IGF 2023 WS #105 Cyber Public Health - a model to inform internet governance


Global Digital Governance & Cooperation
Digital Commons as a Public Good
Governing Digital Economy
Harmonising Global Digital Infrastructure

Organizer 1: Yurie Ito, CyberGreen Institute
Organizer 2: Arastoo Taslim, CyberGreen Institute

Speaker 1: Adam Shostack, Civil Society, Western European and Others Group (WEOG)
Speaker 2: Jane Roberts Coffin , Civil Society, Western European and Others Group (WEOG)
Speaker 3: Phokeer Amreesh, Civil Society, African Group
Speaker 4: Yoshinobu Matsuzaki, Private Sector, Asia-Pacific Group
Speaker 5: Bill Reid, Private Sector, Western European and Others Group (WEOG)
Speaker 6: Alexander Klimburg, Civil Society, Western European and Others Group (WEOG)
Speaker 7: Paul Twomey , Civil Society, Asia-Pacific Group


Yurie Ito, Technical Community, Western European and Others Group (WEOG)

Online Moderator

Arastoo Taslim, Technical Community, Western European and Others Group (WEOG)


Arastoo Taslim, Technical Community, Western European and Others Group (WEOG)


Round Table - 90 Min

Policy Question(s)

A. What are the advantages to the Public Health metaphor, and how do those expand what we can do to advance and enforce cybersecurity norms and practices?
B. What are vital statistics in cybersecurity and how can we collect the data we need?
C. What should be the WHO of cyberspace? In other words, what entities should be tasked with collecting these statistics, ensuring that the data is sufficiently consistent to compare and making the data widely available? How can these statistics help us to better understand the systemic risks that are present on the internet?

What will participants gain from attending this session? Participants will gain the new knowledge about;

- Cyber Public Health model; its “data-driven” and “population level thinking” approach
- an understanding of “missing matter” in the data we’re gathering, and the need to gather data in new spaces
- How to encourage all communities to collectively address shared risks by raising transparency of the systemic risk landscape
- Vital statistics for Cyber Public Health
- Ongoing proof of concept studies and feasibility projects on Cyber Health risk measurement
- Way forward to establish a science of Cyber Public Health – challenges and ideas to overcome.


Public Health is responsible for doubling lifespans in the 20th century because it focused attention on a simple question: why do people die? Complementing medicine’s attention to individual health with attention to the health of a population has been tremendously powerful. Today’s work in cybersecurity often focuses on either an individual human or an individual enterprise. We believe there is a tremendous possibility in the frame, and that a diverse and broad community will have a tremendous impact.

Adopting a public health-style perspective that embraces data-driven, population level thinking, and preventative approaches to shared risks would be transformative for the practice of cybersecurity. From governance point of view, Public Health requires Public Private Partnership and encourages international collaboration, rather than drawing boarders.

We are proposing this in “Digital governance” because the framing and methods are broader than cybersecurity of individual components of the internet, and because the act of measuring the health of a system clearly contributes to our understanding of its security, but it is not limited to cybersecurity. “How/Who to protect the public core” is the incomplete question. How will we know if it’s protected? What is a healthy public core? How do we assess its heath?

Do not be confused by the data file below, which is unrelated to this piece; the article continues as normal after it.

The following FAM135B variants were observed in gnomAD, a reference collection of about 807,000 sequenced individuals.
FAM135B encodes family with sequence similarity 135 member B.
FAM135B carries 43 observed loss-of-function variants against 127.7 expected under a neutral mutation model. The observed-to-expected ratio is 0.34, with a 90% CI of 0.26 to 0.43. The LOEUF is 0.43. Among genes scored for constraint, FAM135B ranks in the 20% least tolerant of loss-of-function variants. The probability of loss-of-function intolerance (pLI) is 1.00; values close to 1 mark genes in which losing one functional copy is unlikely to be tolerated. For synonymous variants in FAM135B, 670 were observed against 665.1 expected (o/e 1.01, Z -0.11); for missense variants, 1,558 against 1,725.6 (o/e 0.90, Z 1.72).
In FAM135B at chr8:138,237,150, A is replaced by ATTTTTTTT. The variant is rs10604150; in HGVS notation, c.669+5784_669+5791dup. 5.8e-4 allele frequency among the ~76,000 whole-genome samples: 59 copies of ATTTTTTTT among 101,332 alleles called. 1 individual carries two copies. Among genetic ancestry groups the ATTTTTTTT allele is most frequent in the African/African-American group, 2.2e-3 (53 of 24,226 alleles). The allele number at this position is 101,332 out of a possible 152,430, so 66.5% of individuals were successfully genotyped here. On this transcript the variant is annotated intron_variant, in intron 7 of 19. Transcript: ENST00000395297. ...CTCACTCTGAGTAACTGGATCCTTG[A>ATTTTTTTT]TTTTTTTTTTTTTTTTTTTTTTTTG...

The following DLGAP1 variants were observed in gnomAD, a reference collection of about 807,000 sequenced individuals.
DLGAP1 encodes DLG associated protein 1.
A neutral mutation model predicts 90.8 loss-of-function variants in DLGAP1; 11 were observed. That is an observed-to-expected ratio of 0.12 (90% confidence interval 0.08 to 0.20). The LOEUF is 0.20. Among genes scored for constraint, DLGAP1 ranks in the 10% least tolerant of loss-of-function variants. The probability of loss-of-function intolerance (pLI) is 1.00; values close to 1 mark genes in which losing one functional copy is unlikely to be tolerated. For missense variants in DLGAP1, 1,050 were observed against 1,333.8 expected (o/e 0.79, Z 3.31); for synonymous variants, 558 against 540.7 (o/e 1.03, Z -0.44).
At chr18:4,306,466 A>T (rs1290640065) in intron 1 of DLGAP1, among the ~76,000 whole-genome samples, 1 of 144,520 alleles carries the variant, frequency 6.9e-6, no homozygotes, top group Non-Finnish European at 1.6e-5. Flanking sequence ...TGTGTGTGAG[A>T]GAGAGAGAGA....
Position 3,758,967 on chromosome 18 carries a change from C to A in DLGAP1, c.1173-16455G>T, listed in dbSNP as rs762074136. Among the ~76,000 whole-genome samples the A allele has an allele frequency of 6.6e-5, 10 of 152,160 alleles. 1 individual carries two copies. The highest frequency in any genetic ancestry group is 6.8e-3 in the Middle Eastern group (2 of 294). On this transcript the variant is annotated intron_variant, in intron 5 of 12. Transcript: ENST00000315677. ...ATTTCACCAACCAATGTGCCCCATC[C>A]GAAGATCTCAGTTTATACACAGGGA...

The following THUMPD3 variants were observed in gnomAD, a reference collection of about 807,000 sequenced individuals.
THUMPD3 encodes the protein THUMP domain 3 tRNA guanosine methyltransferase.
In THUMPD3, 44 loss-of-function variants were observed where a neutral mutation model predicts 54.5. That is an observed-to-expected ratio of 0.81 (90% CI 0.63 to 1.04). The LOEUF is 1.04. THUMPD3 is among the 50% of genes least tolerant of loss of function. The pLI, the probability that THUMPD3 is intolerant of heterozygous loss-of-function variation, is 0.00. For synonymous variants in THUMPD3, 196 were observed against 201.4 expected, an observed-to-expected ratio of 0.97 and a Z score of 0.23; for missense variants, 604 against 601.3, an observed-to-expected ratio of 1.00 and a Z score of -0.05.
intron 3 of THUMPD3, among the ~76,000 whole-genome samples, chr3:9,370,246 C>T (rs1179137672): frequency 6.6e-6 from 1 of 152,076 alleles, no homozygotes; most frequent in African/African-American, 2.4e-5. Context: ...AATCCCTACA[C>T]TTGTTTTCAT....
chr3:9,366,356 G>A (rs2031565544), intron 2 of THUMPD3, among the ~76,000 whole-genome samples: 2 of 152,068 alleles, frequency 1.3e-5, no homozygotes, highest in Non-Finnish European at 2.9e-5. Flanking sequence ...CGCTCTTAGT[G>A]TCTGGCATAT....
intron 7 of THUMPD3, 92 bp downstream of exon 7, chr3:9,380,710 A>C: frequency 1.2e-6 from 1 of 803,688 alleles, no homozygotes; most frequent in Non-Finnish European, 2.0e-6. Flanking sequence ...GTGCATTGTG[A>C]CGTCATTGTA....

Establishing a Cyber Public Health will require overcoming some challenges. One of them is data and methodologies. We need to build the foundations of Cyber Public Health on vast quantities of high-quality data, but we have little of it. The second big challenge is building the infrastructure and institutions to support a mature practice of Cyber Public Health. For example, today’s public health infrastructure includes institutions at every level of government, international NGOs, academic institutions, and private organizations that play a role. This is another area where coordination and collaboration among businesses, NGOs, academic institutions, and governments will be critical.

Expected Outcomes

- Provide a new frame idea for international and regional cybersecurity collaboration.
- Provide transparency on the health of the “Public Core” in a time where the international policy discussions have started to address issues of “Critical Internet Infrastructure” and “non-interference in the public core of the internet”.
- A workshop report that captures the opportunities, insights and challenges identified by the workshop participants for further technical and institutional design study to develop vital statistics for Cyber Public Health.

Hybrid Format: We will have our online speakers join us live on video (e.g. Zoom). If IGF has the technological means to do so, we would ideally have them projected or on a larger screen facing the online speakers. Questions asked by the moderator will be addressed to specific speakers to ensure coordination between those on site and joining remotely. We will have an online moderator, onsite, will make space for the online participants to contribute, regular check-ins, including monitoring the chat (commenting or messaging) system. As inclusive technology, we will have the rapporteur record ideas on his computer, which is both projected into the room and screen-shared with online participants. We will Invite everyone to reflect on the process at the end of the meeting to build additional learnings.